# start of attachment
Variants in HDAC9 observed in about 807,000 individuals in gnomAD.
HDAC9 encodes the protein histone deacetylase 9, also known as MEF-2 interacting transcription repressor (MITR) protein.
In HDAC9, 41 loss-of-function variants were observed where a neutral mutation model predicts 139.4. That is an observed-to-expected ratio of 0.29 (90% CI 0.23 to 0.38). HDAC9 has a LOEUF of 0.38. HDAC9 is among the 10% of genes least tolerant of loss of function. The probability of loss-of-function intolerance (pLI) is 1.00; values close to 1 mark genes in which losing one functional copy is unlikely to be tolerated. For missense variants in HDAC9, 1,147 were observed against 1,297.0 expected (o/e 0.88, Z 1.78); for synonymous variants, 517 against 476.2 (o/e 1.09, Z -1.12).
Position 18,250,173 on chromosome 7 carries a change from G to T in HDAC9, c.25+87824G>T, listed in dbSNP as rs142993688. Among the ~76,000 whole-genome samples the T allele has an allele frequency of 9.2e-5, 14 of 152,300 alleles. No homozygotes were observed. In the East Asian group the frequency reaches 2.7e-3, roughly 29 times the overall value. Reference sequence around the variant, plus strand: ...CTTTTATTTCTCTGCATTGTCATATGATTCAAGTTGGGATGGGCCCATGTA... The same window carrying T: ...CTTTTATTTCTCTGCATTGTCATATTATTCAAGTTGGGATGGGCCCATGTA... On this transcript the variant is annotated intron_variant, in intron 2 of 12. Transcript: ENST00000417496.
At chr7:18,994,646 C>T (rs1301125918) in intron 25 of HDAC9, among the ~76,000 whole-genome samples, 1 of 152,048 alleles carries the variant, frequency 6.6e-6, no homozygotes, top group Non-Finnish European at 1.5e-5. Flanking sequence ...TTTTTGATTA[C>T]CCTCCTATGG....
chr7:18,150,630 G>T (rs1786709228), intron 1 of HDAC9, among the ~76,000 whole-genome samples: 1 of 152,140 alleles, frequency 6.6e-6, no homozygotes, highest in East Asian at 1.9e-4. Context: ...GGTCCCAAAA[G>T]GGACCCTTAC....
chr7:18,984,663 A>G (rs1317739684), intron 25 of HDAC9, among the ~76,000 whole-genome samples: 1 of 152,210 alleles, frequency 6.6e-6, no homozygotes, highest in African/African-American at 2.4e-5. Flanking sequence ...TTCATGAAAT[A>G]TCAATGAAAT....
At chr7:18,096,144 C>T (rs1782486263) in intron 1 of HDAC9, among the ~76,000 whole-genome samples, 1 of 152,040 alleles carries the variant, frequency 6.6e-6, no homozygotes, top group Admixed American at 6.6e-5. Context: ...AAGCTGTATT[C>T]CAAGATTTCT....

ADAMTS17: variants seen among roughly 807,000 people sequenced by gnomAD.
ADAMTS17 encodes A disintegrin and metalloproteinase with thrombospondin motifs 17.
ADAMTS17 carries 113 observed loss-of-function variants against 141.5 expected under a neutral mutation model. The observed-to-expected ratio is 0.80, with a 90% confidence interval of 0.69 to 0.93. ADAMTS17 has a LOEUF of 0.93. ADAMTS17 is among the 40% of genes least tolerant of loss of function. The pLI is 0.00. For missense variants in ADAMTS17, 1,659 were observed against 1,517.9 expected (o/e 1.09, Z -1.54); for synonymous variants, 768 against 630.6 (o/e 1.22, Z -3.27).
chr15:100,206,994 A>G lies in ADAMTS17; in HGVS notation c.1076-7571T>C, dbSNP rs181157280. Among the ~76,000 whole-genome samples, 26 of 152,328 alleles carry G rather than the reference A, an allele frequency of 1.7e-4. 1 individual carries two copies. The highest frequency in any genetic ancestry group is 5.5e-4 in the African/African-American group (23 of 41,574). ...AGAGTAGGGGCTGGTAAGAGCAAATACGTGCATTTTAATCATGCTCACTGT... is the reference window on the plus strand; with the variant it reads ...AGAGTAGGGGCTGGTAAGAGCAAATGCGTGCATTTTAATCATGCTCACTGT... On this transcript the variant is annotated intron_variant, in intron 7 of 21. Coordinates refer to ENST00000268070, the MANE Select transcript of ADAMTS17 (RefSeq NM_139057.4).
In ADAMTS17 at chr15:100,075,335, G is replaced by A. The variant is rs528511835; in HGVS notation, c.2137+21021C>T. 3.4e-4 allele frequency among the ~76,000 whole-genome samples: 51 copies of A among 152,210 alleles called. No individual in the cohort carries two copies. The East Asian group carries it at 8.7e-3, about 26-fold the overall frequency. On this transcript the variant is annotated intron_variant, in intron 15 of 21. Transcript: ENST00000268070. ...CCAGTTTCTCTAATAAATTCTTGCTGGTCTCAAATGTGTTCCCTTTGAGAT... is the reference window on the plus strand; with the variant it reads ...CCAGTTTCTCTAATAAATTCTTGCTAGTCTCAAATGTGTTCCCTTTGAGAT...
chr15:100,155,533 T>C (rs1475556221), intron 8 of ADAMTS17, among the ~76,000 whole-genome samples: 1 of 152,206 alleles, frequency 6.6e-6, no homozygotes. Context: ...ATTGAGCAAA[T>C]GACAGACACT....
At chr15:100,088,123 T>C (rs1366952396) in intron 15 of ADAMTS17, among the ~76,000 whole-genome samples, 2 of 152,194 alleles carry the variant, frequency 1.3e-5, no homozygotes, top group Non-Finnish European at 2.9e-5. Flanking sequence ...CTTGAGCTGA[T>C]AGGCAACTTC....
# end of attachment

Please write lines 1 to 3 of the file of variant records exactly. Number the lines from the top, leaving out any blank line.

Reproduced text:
Variants in HDAC9 observed in about 807,000 individuals in gnomAD.
HDAC9 encodes the protein histone deacetylase 9, also known as MEF-2 interacting transcription repressor (MITR) protein.
In HDAC9, 41 loss-of-function variants were observed where a neutral mutation model predicts 139.4. That is an observed-to-expected ratio of 0.29 (90% CI 0.23 to 0.38). HDAC9 has a LOEUF of 0.38. HDAC9 is among the 10% of genes least tolerant of loss of function. The probability of loss-of-function intolerance (pLI) is 1.00; values close to 1 mark genes in which losing one functional copy is unlikely to be tolerated. For missense variants in HDAC9, 1,147 were observed against 1,297.0 expected (o/e 0.88, Z 1.78); for synonymous variants, 517 against 476.2 (o/e 1.09, Z -1.12).